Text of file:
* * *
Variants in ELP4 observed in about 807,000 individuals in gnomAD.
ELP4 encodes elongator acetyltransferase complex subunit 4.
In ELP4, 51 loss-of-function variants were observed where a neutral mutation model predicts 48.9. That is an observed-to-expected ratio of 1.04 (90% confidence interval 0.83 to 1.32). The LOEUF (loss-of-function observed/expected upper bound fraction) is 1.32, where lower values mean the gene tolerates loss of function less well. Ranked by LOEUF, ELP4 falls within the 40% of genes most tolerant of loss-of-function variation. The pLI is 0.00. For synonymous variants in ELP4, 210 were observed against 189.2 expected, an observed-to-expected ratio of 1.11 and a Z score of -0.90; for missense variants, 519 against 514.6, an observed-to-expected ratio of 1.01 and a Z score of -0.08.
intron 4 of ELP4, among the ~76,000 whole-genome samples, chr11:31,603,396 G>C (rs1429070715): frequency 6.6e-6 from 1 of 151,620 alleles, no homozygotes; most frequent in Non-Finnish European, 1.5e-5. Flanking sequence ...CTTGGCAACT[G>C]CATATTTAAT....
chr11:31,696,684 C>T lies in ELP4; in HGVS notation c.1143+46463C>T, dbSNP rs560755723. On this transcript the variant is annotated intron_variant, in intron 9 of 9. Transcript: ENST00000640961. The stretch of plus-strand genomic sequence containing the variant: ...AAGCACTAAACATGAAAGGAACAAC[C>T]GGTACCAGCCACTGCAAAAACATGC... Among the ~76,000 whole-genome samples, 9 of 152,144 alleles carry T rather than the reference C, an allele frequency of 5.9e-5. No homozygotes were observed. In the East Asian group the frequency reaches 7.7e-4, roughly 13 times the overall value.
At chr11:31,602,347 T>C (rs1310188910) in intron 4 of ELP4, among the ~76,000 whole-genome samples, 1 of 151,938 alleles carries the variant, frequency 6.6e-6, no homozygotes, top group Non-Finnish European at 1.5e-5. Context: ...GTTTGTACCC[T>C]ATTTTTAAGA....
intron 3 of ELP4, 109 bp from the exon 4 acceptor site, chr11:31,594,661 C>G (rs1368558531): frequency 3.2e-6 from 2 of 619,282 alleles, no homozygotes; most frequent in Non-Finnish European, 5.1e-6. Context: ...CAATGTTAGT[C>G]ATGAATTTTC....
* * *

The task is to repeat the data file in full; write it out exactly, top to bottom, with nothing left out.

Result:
Variants in ELP4 observed in about 807,000 individuals in gnomAD.
ELP4 encodes elongator acetyltransferase complex subunit 4.
In ELP4, 51 loss-of-function variants were observed where a neutral mutation model predicts 48.9. That is an observed-to-expected ratio of 1.04 (90% confidence interval 0.83 to 1.32). The LOEUF (loss-of-function observed/expected upper bound fraction) is 1.32, where lower values mean the gene tolerates loss of function less well. Ranked by LOEUF, ELP4 falls within the 40% of genes most tolerant of loss-of-function variation. The pLI is 0.00. For synonymous variants in ELP4, 210 were observed against 189.2 expected, an observed-to-expected ratio of 1.11 and a Z score of -0.90; for missense variants, 519 against 514.6, an observed-to-expected ratio of 1.01 and a Z score of -0.08.
intron 4 of ELP4, among the ~76,000 whole-genome samples, chr11:31,603,396 G>C (rs1429070715): frequency 6.6e-6 from 1 of 151,620 alleles, no homozygotes; most frequent in Non-Finnish European, 1.5e-5. Flanking sequence ...CTTGGCAACT[G>C]CATATTTAAT....
chr11:31,696,684 C>T lies in ELP4; in HGVS notation c.1143+46463C>T, dbSNP rs560755723. On this transcript the variant is annotated intron_variant, in intron 9 of 9. Transcript: ENST00000640961. The stretch of plus-strand genomic sequence containing the variant: ...AAGCACTAAACATGAAAGGAACAAC[C>T]GGTACCAGCCACTGCAAAAACATGC... Among the ~76,000 whole-genome samples, 9 of 152,144 alleles carry T rather than the reference C, an allele frequency of 5.9e-5. No homozygotes were observed. In the East Asian group the frequency reaches 7.7e-4, roughly 13 times the overall value.
At chr11:31,602,347 T>C (rs1310188910) in intron 4 of ELP4, among the ~76,000 whole-genome samples, 1 of 151,938 alleles carries the variant, frequency 6.6e-6, no homozygotes, top group Non-Finnish European at 1.5e-5. Context: ...GTTTGTACCC[T>C]ATTTTTAAGA....
intron 3 of ELP4, 109 bp from the exon 4 acceptor site, chr11:31,594,661 C>G (rs1368558531): frequency 3.2e-6 from 2 of 619,282 alleles, no homozygotes; most frequent in Non-Finnish European, 5.1e-6. Context: ...CAATGTTAGT[C>G]ATGAATTTTC....